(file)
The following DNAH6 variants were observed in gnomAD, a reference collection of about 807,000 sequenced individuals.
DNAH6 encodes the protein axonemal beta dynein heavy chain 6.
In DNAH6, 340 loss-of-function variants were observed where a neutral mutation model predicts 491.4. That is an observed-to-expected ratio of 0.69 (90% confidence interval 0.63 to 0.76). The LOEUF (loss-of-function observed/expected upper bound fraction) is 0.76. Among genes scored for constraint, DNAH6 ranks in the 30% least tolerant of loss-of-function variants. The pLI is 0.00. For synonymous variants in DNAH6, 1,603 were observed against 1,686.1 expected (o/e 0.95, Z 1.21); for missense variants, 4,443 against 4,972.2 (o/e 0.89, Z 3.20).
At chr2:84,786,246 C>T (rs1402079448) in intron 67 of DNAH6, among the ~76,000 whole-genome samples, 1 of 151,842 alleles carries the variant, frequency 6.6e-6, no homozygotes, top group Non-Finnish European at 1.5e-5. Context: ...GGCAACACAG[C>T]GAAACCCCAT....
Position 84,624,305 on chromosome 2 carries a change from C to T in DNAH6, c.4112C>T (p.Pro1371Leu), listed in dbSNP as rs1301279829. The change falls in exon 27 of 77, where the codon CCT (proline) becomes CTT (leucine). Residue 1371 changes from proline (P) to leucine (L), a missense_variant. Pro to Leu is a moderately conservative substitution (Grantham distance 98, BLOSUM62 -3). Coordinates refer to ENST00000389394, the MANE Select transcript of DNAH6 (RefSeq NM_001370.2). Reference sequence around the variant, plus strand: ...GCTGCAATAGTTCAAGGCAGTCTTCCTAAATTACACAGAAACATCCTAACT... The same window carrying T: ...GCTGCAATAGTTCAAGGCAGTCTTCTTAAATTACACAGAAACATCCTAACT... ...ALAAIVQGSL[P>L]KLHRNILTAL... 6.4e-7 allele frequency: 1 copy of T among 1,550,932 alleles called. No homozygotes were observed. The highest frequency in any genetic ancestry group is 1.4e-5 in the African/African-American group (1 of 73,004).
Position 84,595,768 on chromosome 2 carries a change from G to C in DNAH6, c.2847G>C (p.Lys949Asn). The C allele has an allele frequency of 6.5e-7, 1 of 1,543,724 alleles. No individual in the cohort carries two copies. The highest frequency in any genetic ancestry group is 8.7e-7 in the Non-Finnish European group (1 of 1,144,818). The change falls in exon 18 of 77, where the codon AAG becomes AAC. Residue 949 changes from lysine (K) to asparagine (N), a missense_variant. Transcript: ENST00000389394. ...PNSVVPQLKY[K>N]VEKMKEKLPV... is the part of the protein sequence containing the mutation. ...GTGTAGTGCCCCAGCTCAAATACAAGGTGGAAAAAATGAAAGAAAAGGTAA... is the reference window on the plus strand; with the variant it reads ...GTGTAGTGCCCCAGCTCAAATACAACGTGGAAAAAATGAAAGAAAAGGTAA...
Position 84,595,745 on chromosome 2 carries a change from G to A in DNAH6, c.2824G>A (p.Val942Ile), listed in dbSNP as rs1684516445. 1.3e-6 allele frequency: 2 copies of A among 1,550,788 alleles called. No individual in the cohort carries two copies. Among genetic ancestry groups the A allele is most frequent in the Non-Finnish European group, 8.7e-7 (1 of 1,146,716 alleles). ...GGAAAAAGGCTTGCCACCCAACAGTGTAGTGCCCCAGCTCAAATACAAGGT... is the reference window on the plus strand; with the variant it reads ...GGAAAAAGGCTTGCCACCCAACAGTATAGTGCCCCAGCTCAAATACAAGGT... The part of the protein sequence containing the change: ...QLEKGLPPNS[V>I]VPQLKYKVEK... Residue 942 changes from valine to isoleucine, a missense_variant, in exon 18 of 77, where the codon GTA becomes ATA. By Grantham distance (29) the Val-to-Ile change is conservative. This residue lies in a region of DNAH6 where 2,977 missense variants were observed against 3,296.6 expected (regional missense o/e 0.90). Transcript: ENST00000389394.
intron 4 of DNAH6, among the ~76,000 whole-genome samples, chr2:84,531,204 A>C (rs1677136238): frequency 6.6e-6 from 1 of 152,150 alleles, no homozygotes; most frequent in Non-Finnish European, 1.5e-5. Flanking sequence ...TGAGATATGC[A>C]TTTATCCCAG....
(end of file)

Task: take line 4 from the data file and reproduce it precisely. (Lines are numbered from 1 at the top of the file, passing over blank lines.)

At chr2:84,786,246 C>T (rs1402079448) in intron 67 of DNAH6, among the ~76,000 whole-genome samples, 1 of 151,842 alleles carries the variant, frequency 6.6e-6, no homozygotes, top group Non-Finnish European at 1.5e-5. Context: ...GGCAACACAG[C>T]GAAACCCCAT....